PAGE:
• Sat. Apr 13th, 2024

Columbia Sportswear’s Omni-Heat Insulation Outfits Lunar Lander

Columbia Sportswear’s insulation technology could be taking one giant leap for outerwear with its role in an upcoming mission to space. 

The apparel company revealed Monday that, as part of its partnership with Houston-based Intuitive Machines, it would be using its proprietary Omni-Heat Infinity insulation to outfit the space exploration company’s Nova-C lunar lander on its 2024 mission to the moon. 

The heat-reflective technology uses an array of foil dots to trap warmth in jackets, gloves, hats and more.

The Omni-Heat Infinity technology is lined with gold, foil dots to reflect and trap heat. Photo courtesy of Columbia Sportswear.

Per Intuitive Machines, the technology drew inspiration from the space blankets NASA used for the Apollo missions.

Haskell Beckham, vice president of innovation at Columbia Sportswear, said what the company learns in space will translate to further innovation on here on Earth.

“As an apparel company developing outdoor products for all seasons and all activities, it’s imperative that we test our technologies in the most extreme conditions and find ways to innovate beyond our customers’ current needs,” Beckham said. “Taking key learnings from this partnership, we’ll be able to create new products that will help people enjoy more of the outdoors—regardless of conditions—and ultimately unlock the outdoors for everyone here on Earth.”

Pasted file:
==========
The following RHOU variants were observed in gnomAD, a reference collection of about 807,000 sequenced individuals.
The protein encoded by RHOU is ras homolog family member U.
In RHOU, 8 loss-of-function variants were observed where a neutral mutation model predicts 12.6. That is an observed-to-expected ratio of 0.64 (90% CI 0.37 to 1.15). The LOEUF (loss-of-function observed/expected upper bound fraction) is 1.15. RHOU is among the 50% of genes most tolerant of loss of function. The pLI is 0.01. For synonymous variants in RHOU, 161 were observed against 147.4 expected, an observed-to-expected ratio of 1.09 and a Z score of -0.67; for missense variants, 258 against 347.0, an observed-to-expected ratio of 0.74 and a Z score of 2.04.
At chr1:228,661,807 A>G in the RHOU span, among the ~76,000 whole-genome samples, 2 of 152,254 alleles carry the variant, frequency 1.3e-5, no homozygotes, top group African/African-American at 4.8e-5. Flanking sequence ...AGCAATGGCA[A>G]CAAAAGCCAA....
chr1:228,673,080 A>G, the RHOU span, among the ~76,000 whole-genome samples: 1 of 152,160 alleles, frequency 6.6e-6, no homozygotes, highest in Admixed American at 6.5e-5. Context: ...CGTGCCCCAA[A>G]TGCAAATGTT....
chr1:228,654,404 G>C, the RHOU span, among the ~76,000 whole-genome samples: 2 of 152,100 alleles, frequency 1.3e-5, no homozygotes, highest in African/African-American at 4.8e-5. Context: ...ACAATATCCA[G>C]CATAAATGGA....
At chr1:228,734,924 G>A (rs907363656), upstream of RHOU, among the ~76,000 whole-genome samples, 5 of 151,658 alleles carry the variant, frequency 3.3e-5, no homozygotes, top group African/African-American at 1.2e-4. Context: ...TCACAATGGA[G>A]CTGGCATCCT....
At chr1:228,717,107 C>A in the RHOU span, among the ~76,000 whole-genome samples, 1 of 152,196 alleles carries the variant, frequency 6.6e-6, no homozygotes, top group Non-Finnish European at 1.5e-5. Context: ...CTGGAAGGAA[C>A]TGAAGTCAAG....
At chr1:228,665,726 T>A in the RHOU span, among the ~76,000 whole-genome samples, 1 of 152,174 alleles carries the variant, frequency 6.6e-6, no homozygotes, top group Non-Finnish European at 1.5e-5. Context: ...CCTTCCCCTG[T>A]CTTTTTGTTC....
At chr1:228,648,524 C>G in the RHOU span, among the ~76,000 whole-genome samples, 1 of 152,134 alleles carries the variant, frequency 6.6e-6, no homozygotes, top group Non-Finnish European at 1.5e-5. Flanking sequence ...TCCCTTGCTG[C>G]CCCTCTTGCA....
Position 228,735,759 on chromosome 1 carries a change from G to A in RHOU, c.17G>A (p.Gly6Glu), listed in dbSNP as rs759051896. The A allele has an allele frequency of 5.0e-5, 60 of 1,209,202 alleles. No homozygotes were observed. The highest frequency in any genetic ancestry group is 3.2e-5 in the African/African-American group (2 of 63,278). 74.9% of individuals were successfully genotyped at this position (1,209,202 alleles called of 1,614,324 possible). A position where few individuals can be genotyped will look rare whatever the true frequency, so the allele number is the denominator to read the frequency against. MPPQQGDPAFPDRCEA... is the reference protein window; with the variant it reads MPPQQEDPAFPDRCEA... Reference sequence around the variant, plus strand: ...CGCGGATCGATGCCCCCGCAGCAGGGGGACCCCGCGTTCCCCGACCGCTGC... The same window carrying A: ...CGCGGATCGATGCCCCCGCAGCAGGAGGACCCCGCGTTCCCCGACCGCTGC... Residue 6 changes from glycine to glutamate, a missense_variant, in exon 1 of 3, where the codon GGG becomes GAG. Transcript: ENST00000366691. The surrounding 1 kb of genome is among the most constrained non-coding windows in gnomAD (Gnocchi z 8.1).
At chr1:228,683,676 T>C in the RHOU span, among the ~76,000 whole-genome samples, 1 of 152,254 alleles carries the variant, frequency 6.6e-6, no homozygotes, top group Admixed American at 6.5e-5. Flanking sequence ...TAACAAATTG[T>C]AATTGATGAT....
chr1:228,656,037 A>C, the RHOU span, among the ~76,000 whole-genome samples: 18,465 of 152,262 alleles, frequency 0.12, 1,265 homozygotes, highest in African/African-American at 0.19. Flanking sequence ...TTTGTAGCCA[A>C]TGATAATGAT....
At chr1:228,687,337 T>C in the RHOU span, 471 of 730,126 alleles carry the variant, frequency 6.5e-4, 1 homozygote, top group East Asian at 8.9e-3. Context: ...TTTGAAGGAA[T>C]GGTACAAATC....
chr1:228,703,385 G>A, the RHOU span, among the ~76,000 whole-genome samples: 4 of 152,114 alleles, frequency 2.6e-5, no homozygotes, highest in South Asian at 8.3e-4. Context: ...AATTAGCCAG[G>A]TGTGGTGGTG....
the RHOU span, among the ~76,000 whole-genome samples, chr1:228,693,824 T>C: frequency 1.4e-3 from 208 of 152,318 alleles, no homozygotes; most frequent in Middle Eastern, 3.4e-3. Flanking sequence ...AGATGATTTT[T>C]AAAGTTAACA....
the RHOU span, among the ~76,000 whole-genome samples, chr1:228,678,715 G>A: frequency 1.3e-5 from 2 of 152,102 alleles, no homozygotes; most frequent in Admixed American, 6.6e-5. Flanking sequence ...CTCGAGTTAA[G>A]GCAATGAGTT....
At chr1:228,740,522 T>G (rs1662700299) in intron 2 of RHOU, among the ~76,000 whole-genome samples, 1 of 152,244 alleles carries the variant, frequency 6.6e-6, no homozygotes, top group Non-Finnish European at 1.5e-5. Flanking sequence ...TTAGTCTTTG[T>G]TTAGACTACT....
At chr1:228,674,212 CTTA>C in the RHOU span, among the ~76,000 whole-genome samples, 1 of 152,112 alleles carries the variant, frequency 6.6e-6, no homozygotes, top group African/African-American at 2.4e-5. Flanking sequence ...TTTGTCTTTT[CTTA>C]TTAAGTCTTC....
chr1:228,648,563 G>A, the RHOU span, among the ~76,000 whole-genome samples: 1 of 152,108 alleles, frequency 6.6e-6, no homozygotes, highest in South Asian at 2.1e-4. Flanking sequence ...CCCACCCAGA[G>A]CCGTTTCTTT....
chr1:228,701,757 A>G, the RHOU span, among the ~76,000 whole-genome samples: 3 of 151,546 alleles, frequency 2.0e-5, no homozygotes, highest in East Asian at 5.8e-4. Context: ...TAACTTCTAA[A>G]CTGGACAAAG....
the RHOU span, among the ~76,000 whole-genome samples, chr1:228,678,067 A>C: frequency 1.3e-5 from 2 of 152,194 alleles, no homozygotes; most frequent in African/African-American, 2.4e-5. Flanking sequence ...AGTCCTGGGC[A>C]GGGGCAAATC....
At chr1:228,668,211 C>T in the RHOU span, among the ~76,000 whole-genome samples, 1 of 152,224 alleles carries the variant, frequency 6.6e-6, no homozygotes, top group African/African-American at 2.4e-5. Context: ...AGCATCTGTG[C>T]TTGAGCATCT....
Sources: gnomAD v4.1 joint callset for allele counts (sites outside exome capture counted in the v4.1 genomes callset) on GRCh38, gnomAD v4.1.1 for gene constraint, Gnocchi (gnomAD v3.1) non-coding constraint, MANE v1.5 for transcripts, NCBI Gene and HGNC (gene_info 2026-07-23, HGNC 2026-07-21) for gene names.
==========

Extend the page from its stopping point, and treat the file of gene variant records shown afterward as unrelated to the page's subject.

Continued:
According to Intuitive Machines, the two companies tested the material against aerospace industry standards to determine the strongest use case for it. Testing showed it would work best when used as a panel covering, so the Omni-Heat Infinity technology will reside on a panel that protects the Nova-C’s propulsion tank.

A mockup of what the Nova-C would look like upon landing on the moon. Photo courtesy of Columbia Sportswear.

Intuitive Machines will launch a SpaceX Falcon 9 rocket called Odysseus. If successful, the mission, called IM-1, will mark the United States’ first trip to the moon’s surface in 50 years. The rocket was set to launch in the early hours of Valentine’s Day, but SpaceX delayed its takeoff due to conditions. The company expects that, if the mission goes to plan, Odysseus will touch down on the moon in a satellite crater called Malapert A in the south pole region of the moon about nine days after liftoff.

Columbia, which has been facing some cost-cutting hurdles in recent weeks, first partnered with the private space exploration company in 2021. Steve Altemus, Intuitive Machines’ CEO and president, said the partnership marks an exciting intersection between two unexpected industries.

“Creating and defining the lunar economy requires innovation beyond the industry norm,” said Altemus. “By integrating Columbia’s Omni-Heat Infinity technology into our IM-1 lunar mission, we believe we’re trailblazing a path for near-term Earth solutions and the next generation of commercial space exploration that will open access to the moon for the progress of humanity.”

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